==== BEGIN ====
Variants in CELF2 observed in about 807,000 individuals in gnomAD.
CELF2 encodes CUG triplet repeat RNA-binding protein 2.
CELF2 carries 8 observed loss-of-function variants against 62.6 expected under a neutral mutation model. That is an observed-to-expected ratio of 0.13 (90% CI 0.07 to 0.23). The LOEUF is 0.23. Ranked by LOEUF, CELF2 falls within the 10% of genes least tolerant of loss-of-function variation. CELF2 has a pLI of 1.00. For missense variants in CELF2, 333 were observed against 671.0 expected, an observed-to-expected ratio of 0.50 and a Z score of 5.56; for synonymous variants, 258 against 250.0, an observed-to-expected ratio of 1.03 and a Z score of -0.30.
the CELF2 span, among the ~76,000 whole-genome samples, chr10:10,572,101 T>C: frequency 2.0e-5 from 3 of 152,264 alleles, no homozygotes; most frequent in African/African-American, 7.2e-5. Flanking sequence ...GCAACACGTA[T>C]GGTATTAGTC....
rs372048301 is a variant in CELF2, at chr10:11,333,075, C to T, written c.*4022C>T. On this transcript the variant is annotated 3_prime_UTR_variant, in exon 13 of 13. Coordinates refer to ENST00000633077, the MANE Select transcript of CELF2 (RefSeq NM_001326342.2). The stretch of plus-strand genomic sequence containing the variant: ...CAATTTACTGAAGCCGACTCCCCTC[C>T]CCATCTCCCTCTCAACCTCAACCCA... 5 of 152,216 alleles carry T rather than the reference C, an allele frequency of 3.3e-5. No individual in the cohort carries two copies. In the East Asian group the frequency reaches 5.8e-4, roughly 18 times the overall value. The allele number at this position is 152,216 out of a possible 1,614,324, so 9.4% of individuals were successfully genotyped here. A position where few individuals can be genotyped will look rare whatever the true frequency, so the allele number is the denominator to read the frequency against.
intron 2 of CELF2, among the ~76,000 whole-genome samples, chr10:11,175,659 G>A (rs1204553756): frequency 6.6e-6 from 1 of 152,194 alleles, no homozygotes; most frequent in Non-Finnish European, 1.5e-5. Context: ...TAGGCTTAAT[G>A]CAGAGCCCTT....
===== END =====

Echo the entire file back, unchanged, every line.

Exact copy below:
Variants in CELF2 observed in about 807,000 individuals in gnomAD.
CELF2 encodes CUG triplet repeat RNA-binding protein 2.
CELF2 carries 8 observed loss-of-function variants against 62.6 expected under a neutral mutation model. That is an observed-to-expected ratio of 0.13 (90% CI 0.07 to 0.23). The LOEUF is 0.23. Ranked by LOEUF, CELF2 falls within the 10% of genes least tolerant of loss-of-function variation. CELF2 has a pLI of 1.00. For missense variants in CELF2, 333 were observed against 671.0 expected, an observed-to-expected ratio of 0.50 and a Z score of 5.56; for synonymous variants, 258 against 250.0, an observed-to-expected ratio of 1.03 and a Z score of -0.30.
the CELF2 span, among the ~76,000 whole-genome samples, chr10:10,572,101 T>C: frequency 2.0e-5 from 3 of 152,264 alleles, no homozygotes; most frequent in African/African-American, 7.2e-5. Flanking sequence ...GCAACACGTA[T>C]GGTATTAGTC....
rs372048301 is a variant in CELF2, at chr10:11,333,075, C to T, written c.*4022C>T. On this transcript the variant is annotated 3_prime_UTR_variant, in exon 13 of 13. Coordinates refer to ENST00000633077, the MANE Select transcript of CELF2 (RefSeq NM_001326342.2). The stretch of plus-strand genomic sequence containing the variant: ...CAATTTACTGAAGCCGACTCCCCTC[C>T]CCATCTCCCTCTCAACCTCAACCCA... 5 of 152,216 alleles carry T rather than the reference C, an allele frequency of 3.3e-5. No individual in the cohort carries two copies. In the East Asian group the frequency reaches 5.8e-4, roughly 18 times the overall value. The allele number at this position is 152,216 out of a possible 1,614,324, so 9.4% of individuals were successfully genotyped here. A position where few individuals can be genotyped will look rare whatever the true frequency, so the allele number is the denominator to read the frequency against.
intron 2 of CELF2, among the ~76,000 whole-genome samples, chr10:11,175,659 G>A (rs1204553756): frequency 6.6e-6 from 1 of 152,194 alleles, no homozygotes; most frequent in Non-Finnish European, 1.5e-5. Context: ...TAGGCTTAAT[G>A]CAGAGCCCTT....